Sea grapes are a popular delicacy in Japan and many other parts of Asia Pacific. However, farmers in Japan faced recurring problems while cultivating seaweeds. Scientists from the Okinawa Institute of Science and Technology graduate school (OIST) have finally weeded out the cultivation and environmental mysteries surrounding the plant.
Earlier, many Japanese farmers experienced poor growth of seaweed. These plants are commonly known as sea grapes. They present lucrative commercial opportunities for farmers in Japan.
Seaweeds go well with sashimi, rice, and a traditional beer in Japan. OIST Scientists have helped the farmer’s cause significantly by discovering the plant’s morphology and unique structure. It is is expected to result in much healthier cultivation in the near future.
According to the leading author of the research report, Dr. Asuka Arimoto, the study will provide insights into genome data. Consequently, it will help identify the troublesome genes in this plant. Additionally, this would not only stop the cultivation of deficient plants, but also control invasive species of seaweed in the near future.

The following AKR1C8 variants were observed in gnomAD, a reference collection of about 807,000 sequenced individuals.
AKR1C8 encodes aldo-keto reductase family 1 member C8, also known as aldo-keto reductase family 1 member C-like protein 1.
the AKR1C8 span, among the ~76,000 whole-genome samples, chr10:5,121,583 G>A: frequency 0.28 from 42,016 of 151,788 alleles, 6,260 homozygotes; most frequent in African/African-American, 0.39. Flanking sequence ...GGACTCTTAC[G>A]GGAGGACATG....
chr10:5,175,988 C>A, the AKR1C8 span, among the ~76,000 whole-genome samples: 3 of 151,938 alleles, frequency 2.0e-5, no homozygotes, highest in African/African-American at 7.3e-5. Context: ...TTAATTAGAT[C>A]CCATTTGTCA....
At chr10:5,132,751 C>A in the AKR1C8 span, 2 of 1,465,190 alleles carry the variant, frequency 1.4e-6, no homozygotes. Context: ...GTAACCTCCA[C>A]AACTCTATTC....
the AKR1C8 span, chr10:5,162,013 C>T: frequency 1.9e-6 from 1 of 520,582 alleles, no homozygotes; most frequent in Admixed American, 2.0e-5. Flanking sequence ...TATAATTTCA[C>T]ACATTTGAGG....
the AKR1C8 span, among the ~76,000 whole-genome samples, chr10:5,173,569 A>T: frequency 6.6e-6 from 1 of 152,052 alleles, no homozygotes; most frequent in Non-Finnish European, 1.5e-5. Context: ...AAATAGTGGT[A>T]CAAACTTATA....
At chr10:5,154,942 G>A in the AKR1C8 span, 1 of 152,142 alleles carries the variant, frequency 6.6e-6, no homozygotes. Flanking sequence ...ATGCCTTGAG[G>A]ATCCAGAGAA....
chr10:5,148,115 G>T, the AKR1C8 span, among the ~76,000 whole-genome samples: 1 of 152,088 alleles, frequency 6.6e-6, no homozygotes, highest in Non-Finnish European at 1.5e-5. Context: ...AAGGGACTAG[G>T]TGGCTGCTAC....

Research to Boost Seaweed Plantation
The team of researchers decoded the complete sea grape genealogy and compared it with 15 other plant genomes. Afterwards, the research identified key genes which provide a unique shape to seaweeds. The researchers used algae for identifying the evolutionary processes in green plants.
The study published in DNA Resarch on 28th of February, 2019.
According to the team, the seaweed plantation is gaining increased prominence in recent times. The research promises new opportunities for new farmers across the pacific. The study points to specific homeobox genomes which are prominent in pollens and eggs of land plants. This will open new strategies for cultivation for farmers.